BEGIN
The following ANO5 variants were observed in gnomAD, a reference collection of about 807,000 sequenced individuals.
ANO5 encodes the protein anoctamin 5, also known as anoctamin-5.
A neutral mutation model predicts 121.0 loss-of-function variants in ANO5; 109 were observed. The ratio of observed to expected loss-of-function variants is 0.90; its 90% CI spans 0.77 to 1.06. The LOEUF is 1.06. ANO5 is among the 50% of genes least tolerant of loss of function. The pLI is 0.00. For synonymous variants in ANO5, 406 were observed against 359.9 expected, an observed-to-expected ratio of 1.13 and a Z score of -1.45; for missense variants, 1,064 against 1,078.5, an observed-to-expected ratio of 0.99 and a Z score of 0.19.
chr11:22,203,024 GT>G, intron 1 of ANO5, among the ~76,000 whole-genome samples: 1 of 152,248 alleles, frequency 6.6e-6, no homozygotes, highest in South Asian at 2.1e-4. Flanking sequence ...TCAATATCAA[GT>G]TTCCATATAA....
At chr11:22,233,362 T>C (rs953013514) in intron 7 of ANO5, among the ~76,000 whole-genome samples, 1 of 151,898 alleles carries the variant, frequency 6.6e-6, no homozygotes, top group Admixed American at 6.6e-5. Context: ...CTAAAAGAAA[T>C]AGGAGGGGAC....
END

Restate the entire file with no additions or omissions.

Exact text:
The following ANO5 variants were observed in gnomAD, a reference collection of about 807,000 sequenced individuals.
ANO5 encodes the protein anoctamin 5, also known as anoctamin-5.
A neutral mutation model predicts 121.0 loss-of-function variants in ANO5; 109 were observed. The ratio of observed to expected loss-of-function variants is 0.90; its 90% CI spans 0.77 to 1.06. The LOEUF is 1.06. ANO5 is among the 50% of genes least tolerant of loss of function. The pLI is 0.00. For synonymous variants in ANO5, 406 were observed against 359.9 expected, an observed-to-expected ratio of 1.13 and a Z score of -1.45; for missense variants, 1,064 against 1,078.5, an observed-to-expected ratio of 0.99 and a Z score of 0.19.
chr11:22,203,024 GT>G, intron 1 of ANO5, among the ~76,000 whole-genome samples: 1 of 152,248 alleles, frequency 6.6e-6, no homozygotes, highest in South Asian at 2.1e-4. Flanking sequence ...TCAATATCAA[GT>G]TTCCATATAA....
At chr11:22,233,362 T>C (rs953013514) in intron 7 of ANO5, among the ~76,000 whole-genome samples, 1 of 151,898 alleles carries the variant, frequency 6.6e-6, no homozygotes, top group Admixed American at 6.6e-5. Context: ...CTAAAAGAAA[T>C]AGGAGGGGAC....